The idea of a  mid-engined Corvette is not new. In fact, it was 60 years ago this year when the first functioning prototype based on that very idea was put together. Known as 1959 CERV I (Chevrolet Engineering Research Vehicle), this open-wheel single-seater rocket was the brainchild of Zora Arkus-Duntov, a Belgian engineer of Russian descent who joined Chevrolet in 1953, just after the birth of the first Corvette. 

Zora Arkus-Duntov and the 1959 CERV-I
Zora Arkus-Duntov and the 1959 CERV-I.
Zora Arkus-Duntov behind the wheel of the 1959 CERV-I
Zora Arkus-Duntov behind the wheel of the 1959 CERV-I.

Duntov, who was also a very competent race driver, fell in love with the idea of the Corvette, but was appalled by the crude mechanics and incompetent behavior of its first iteration. Duntov thought that the mid-engine layout he would spend his entire career championing was the perfect cure to the little roadster's maladies. His 23-year career with General Motors is intimately intertwined with the Corvette’s history, and his failure to finally switch the Corvette to a mid-engine platform was a lifelong source of frustration for him.

1964 CERV II
The 1964 CERV II could have competed with the Ford GT-40 in Le Mans.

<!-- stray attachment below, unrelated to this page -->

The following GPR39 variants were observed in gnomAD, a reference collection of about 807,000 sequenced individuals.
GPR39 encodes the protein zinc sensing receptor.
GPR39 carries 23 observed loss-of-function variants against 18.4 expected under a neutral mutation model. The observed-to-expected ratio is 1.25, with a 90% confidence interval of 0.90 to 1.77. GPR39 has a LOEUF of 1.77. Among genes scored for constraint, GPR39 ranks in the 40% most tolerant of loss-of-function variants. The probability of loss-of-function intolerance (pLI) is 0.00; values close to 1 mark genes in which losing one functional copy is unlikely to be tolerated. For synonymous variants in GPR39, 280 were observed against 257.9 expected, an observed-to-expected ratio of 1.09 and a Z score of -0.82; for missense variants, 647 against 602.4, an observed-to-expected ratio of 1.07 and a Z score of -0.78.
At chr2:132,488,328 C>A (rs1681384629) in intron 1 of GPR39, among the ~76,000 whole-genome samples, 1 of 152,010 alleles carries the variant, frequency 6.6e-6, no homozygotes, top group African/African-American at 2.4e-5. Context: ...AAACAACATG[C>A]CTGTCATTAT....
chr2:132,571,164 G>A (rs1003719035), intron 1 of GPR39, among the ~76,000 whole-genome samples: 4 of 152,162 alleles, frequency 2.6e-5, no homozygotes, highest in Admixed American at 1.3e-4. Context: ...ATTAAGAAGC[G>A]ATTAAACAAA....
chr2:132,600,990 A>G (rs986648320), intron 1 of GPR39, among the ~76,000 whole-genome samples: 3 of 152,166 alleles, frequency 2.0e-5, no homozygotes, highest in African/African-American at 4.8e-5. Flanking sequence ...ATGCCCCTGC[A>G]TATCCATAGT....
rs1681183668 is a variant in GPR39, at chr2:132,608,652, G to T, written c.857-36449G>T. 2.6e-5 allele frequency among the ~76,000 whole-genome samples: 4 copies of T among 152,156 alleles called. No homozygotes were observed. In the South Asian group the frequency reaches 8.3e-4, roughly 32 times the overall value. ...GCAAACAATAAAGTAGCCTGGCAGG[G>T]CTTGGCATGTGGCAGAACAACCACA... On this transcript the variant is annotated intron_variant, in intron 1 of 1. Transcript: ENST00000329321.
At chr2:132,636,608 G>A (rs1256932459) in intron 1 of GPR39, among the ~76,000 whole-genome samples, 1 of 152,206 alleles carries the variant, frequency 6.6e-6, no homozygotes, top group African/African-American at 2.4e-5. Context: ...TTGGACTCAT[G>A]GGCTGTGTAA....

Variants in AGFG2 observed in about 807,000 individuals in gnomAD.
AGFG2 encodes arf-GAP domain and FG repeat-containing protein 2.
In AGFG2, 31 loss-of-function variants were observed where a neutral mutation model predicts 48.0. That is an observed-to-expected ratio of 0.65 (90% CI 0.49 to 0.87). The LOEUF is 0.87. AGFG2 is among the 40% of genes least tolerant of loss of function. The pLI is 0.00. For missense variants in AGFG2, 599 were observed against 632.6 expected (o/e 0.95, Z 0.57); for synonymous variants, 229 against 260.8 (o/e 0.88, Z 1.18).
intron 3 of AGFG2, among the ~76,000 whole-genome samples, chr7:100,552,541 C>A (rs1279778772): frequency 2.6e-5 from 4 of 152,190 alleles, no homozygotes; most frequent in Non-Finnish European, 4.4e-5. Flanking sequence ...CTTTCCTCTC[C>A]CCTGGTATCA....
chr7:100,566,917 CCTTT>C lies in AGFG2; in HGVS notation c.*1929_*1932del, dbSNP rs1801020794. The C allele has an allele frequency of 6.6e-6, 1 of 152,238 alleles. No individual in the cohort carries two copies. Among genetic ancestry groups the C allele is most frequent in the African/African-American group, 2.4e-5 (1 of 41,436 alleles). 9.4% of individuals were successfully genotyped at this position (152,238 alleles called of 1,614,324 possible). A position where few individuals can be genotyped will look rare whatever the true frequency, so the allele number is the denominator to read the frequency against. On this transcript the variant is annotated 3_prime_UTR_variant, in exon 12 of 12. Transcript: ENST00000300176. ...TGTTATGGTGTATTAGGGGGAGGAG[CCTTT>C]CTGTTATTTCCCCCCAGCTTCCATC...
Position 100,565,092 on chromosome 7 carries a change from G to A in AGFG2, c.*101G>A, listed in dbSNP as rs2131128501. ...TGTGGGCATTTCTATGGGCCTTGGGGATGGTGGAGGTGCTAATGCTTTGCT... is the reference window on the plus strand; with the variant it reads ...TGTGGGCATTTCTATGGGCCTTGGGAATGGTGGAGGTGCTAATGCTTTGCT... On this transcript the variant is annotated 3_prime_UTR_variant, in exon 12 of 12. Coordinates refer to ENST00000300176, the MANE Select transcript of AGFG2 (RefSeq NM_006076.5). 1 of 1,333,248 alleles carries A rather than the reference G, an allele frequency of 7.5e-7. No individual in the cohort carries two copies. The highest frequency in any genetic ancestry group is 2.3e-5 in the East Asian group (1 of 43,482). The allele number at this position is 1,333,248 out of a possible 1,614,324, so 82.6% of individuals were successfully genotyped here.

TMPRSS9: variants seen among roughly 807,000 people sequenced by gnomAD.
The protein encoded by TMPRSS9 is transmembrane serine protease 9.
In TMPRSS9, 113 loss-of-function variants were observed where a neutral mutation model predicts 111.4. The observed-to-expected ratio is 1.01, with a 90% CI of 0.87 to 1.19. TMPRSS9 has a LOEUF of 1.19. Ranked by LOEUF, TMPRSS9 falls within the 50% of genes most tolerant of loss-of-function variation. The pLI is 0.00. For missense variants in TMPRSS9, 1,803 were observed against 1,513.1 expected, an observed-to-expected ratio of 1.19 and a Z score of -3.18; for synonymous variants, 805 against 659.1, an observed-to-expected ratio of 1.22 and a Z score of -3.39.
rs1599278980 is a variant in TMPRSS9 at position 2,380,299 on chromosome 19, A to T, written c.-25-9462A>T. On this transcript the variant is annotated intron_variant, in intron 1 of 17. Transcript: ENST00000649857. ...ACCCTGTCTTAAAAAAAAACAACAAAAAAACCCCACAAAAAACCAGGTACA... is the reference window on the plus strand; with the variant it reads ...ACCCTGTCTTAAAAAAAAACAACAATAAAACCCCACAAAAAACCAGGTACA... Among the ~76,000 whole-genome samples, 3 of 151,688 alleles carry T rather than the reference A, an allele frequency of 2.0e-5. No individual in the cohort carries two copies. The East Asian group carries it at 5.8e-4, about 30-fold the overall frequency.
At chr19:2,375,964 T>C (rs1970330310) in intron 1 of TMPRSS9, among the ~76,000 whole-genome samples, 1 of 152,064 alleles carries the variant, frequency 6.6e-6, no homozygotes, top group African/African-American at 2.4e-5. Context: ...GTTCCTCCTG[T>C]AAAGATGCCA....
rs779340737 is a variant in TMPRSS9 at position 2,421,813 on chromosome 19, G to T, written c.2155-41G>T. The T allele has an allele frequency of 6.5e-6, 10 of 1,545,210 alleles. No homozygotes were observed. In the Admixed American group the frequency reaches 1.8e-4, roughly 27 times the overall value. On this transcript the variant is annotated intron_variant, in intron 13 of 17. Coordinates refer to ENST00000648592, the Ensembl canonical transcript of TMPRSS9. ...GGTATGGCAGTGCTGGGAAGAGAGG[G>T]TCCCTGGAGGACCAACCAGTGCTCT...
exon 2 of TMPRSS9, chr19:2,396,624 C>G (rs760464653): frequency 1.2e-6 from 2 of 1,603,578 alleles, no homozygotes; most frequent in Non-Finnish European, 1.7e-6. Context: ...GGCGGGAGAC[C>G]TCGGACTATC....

1968 Chevrolet Astro II
The 1968 Chevrolet Astro II was conceived as a personal sports car capable of transporting two passengers and their luggage in comfort.

But Duntov planted the seed of a mid-engined Corvette in the heart of Chevrolet, where many more prototypes based on that idea were produced during the next six decades, some of them directed by Duntov himself, and many of them made after his time with the automaker. Today, 66 years after the arrival of both the Corvette and Duntov in Chevy’s history, and on the eve of the unveiling of the very first mid-engined Corvette, we see fit to take a look at the mid-engined Corvette prototypes of the last 60 years. Enjoy.

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